Describing the spatial variability across a field was difficult until new technologies such as Global Positioning Systems (GPS) and Geographic Information Systems (GIS) were introduced. GIS is a powerful set of tools for collecting, storing, retrieving, transforming and displaying spatial data [22]. GIS can be used in producing soil fertility map of an area that helps to understand the status of soil fertility spatially and temporally, which will help in formulating site-specific balanced fertilizer recommendation. These technologies allow mapping fields accurately and computing complex spatial relationships between soil fertility factors. Numerous studies have been conducted based on geo-statistical analysis to characterize the spatial variability of different properties [23-28]. Thus, information on spatial variability of soil nutrients is important for sustainable management of soil fertility. Among many Geo-statistical methods, ordinary krining is widely used to map spatial variation of soil fertility. According Ismaili Samira & Douaik Ahmedy et al. [29], the ordinary kriging (using either exponential or spherical models) is more accurate for predicting the spatial patterns of the soil properties pH, OM, P, and K than the two other methods (IDW and splines), because it provides a higher level of prediction accuracy [30]. Soil testing provides information regarding nutrient availability in soils which forms the basis for the fertilizer recommendations for optimizing crop yields. Soil fertility maps are meant for highlighting the nutrient needs, based on fertility status of soils and adverse soil conditions which need improvement to realize good crop yields [31]. Currently in Ethiopia, Ethiopian Soil Information System (EthioSIS) completed the fertility mapping and fertilizer recommendation work for the majority of the country’s agricultural land [19].

Knowledge about an up-to-date status of soil macronutrients at different landscapes and mapping their spatial distribution play a vital role in site-specific fertilizer recommendation to enhance production and productivity of the agricultural sector on sustainable basis. However, information on the status and spatial distribution of soil macronutrients are limited for Kambata Tembaro (KT) zone. Therefore, as part of the national initiative, this study was conducted with specific objectives to assess and map the status and spatial distribution of soil macronutrients for Kedida Gamela, Kacha Bira and Damboya woredas of KT zone. The results of this study are expected to add value to the up-to-date scientific documentation of the status of soil fertility for national soil atlas which is being considered the recommended fertilizer source for maximizing crop yields and further to maintain the sustainable agriculture .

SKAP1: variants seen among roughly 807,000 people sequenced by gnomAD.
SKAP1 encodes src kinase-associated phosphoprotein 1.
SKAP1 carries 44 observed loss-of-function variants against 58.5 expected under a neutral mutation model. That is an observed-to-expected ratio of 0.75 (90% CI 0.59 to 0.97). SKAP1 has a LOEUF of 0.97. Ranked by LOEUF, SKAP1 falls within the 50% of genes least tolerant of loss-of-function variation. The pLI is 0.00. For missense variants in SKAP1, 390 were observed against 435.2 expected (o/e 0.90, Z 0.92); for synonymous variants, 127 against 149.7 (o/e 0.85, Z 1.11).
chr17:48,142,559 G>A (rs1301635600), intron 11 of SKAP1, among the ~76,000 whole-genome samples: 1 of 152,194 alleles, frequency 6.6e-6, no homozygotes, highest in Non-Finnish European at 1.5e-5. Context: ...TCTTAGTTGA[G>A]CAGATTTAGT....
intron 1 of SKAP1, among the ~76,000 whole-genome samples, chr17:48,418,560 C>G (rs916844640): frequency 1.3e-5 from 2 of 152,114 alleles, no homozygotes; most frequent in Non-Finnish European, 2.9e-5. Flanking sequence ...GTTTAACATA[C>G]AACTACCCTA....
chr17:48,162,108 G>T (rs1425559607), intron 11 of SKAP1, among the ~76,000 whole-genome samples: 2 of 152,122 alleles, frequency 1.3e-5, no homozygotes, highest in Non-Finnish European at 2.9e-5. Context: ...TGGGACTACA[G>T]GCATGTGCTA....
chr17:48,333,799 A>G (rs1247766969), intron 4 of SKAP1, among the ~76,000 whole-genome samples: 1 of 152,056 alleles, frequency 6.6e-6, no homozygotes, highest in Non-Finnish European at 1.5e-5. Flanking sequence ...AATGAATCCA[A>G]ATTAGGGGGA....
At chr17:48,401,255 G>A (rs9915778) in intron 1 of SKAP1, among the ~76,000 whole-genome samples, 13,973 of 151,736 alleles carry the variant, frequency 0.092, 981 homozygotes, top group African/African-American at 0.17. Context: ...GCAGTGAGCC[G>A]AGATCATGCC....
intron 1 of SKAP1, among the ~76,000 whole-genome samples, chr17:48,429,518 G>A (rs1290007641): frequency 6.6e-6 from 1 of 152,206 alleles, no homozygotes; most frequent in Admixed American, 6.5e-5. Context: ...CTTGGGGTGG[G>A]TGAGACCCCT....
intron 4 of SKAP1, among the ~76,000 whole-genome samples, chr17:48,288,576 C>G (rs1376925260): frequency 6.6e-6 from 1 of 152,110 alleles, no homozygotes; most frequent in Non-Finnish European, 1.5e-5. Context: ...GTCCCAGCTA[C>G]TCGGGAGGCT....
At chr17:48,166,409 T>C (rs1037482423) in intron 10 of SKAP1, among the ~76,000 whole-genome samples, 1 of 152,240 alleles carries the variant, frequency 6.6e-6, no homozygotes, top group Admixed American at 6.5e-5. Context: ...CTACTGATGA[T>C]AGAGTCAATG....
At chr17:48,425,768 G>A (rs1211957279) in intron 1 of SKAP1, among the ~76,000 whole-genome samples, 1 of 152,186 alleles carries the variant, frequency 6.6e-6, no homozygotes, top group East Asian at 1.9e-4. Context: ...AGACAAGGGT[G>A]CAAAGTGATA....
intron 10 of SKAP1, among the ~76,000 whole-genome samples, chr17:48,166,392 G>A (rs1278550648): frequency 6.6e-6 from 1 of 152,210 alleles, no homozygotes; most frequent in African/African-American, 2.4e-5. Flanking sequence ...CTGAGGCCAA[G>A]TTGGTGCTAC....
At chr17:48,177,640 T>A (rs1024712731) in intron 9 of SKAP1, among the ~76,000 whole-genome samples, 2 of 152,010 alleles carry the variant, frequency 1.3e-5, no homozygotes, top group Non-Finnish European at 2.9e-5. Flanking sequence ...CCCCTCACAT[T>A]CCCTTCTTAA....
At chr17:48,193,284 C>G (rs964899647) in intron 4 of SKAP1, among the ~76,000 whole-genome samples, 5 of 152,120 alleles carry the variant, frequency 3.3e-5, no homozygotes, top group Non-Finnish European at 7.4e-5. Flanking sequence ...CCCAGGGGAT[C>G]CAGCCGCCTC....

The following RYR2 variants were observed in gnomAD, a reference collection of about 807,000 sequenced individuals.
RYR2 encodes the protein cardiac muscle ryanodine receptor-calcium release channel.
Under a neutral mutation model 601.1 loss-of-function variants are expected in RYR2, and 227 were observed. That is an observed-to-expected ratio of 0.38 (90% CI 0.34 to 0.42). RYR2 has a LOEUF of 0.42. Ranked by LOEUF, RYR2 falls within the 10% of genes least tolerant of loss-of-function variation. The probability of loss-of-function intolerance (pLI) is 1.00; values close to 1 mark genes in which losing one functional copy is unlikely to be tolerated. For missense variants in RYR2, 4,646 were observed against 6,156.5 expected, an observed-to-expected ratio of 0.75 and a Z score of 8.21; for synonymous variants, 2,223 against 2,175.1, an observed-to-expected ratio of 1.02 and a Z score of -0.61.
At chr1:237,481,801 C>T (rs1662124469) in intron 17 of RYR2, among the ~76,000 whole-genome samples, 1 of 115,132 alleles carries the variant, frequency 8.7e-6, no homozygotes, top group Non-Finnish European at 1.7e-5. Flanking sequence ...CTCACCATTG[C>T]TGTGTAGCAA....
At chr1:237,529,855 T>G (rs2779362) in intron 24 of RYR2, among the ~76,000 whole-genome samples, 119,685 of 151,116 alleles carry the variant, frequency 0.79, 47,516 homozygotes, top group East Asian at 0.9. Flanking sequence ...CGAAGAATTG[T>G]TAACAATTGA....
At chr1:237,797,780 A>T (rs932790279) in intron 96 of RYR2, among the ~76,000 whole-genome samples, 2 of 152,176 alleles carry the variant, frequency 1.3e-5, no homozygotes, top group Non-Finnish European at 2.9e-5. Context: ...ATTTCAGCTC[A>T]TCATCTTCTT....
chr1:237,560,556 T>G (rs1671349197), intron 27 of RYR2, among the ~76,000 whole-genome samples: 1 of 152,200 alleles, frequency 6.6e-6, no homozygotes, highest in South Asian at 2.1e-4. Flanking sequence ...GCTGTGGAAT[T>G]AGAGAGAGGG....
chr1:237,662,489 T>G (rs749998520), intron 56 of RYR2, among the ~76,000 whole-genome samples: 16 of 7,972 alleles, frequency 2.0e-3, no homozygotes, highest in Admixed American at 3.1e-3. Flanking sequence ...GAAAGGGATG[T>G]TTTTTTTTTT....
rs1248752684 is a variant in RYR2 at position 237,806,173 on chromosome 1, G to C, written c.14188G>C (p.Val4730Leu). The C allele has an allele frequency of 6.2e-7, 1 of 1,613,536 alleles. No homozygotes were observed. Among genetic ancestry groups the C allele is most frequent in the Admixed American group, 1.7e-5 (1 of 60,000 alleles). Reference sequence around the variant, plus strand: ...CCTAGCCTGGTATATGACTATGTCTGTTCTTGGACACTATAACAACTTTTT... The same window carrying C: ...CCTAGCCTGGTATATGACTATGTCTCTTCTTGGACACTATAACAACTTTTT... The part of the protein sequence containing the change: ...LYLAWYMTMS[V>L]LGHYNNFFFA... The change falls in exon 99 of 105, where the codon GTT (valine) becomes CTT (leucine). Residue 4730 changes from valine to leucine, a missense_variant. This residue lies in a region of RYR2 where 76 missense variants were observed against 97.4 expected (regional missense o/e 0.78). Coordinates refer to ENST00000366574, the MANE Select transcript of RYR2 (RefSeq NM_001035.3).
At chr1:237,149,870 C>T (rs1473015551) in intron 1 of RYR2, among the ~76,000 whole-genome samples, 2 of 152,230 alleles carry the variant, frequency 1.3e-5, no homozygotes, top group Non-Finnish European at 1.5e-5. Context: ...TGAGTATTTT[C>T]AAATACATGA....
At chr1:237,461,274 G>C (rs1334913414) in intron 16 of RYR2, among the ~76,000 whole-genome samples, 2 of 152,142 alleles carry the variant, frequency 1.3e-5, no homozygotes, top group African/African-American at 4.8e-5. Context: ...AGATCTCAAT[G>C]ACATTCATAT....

Materials and Methods

Descriptions of study areas

Location

This study was conducted in three selected woredas of KT Zone namely Damboya, Kecha Bira, and Kedida Gamela. Kembata and Tembaro is one of the zones of SNNPRS in Ethiopia. Geographically, the study area is situated at 7.12˚ to 7.42˚ latitude and 37.44˚ to 38˚ longitude and is situated approximately 250 km south‐west of Addis Ababa. The whole KT zone is situated between 1500 and 3500 meters above sea level (masl), and the topography characterized by steep slope at the foot of Anbericho, Dato and Ketta mountains and valley sides to Holagaba Zato peasant association. However, the study areas are situated between 1689 and 2637 m.a.s.l.